3. Negotiability of such receipt is a creature of a statute or mercantile usage, not of Judicial decisions apart from either. So, in the absence of any usage of trade or any statutory provision to that effect, a railway receipt cannot be accorded the benefits which flow from negotiability under the Negotiable Instruments Act, so as to entitle the endorsee, as the holder for the time being of the document of title, to sue the carrier-the railway authority-in his own name. In view of cl. (3) of the notice printed at the back of the receipt that an endorsement made on the face of the receipt by the consignee was only meant to indicate the person to whom the consignee wished delivery of goods to be made if he himself did not attend to take delivery, the Bank had no right to sue the Railway.

Since the language of s. 178[6]of the Contract Act is clear and explicit, if any hardship and inconvenience is felt because of, such practice of treating the receipt as a symbol of goods as not recognized, it is for Parliament to take appropriate steps to amend the law and it is not for courts to legislate under the guise of interpretation.


[1] Wanted fullrecovery of Rs.35500

[2] Main Judge

[3] On a reasonable construction of s. 178 of the Contract Act, 1872, ss. 4 and 137 of the Transfer of Property Act, 1882, and ss. 30 and 53 of the Indian Sale of Goods Act, 1930.

[4] When consent to an agreement is caused by coercion {The words “undue influence” were rep.by Act 6 of 1899, s 3} fraud or misrepresentation, the agreement is a contract voidable at the option of the party whose consent was so caused.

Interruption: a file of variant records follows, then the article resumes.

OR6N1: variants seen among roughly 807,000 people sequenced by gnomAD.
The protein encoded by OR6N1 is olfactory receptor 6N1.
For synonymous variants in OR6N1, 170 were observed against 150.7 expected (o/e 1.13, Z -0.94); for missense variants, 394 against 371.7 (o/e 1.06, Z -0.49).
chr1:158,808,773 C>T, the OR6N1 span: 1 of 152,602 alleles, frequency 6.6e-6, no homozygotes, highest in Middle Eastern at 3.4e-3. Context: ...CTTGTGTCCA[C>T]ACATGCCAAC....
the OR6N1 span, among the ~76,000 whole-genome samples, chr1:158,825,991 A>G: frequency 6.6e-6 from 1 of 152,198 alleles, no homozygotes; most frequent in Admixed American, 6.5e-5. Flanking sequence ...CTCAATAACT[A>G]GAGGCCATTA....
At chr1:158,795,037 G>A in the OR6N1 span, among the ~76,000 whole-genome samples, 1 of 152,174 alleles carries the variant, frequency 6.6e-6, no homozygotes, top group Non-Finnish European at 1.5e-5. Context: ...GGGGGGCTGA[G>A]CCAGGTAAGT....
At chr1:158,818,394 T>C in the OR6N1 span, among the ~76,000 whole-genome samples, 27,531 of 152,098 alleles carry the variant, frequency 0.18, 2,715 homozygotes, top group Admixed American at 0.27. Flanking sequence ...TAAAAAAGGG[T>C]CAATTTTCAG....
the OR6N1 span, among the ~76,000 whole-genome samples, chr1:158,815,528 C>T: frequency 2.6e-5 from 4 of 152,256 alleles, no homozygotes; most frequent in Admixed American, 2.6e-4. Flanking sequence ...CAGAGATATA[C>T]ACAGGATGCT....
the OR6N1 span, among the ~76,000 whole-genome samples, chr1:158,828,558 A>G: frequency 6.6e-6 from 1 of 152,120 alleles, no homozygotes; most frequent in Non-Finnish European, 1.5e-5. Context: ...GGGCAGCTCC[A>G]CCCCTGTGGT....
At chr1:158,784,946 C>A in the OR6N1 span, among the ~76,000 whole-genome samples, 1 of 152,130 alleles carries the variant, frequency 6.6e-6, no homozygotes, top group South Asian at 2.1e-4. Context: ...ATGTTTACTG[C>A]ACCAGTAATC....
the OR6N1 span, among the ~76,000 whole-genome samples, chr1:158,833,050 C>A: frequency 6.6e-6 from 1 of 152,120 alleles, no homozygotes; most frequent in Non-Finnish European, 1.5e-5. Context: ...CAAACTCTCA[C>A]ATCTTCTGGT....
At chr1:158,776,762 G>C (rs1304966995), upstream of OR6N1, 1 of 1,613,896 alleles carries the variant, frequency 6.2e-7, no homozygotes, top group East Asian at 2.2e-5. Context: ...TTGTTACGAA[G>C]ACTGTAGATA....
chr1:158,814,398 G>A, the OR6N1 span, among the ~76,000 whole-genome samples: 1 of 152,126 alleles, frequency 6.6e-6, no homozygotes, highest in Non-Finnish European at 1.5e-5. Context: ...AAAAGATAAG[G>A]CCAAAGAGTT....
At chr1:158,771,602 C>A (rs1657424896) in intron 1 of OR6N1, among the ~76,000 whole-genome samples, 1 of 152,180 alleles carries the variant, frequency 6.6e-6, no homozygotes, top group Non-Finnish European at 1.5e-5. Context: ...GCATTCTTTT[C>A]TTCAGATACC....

[5] Where a person, having sold goods, continues or is in possession of the goods or of the documents of title to the goods, the delivery or transfer by that person or by a mercantile agent acting for him, of the goods or documents of title under any sale, pledge or other disposition thereof to any person receiving the same in good faith and without notice of the previous sale shall have the same effect as if the person making the delivery or transfer were expressly authorised by the owner of the goods to make the same.  (2) Where a person, having bought or agreed to buy goods, obtains, with the consent of the seller, possession of the goods or the documents of title to the goods, the delivery or transfer by that person or by a mercantile agent acting for him, of the goods or documents of title under any sale, pledge or other disposition thereof to any person receiving the same in good faith and without notice of any lien or other right of the original seller in respect of the goods shall have effect as if such lien or right did not exist.

[6] Where a mercantile agent is, with the consent of the owner, in possession of goods or the document of title to goods, any pledge made by him, when acting in the ordinary course of business of a mercantile agent, shall be as valid as if he were expressly authorised by the owner of the goods to make the same; provided that the pawnee acts in good faith and has not at the time of the pledge notice that the pawnor has not authority to pledge.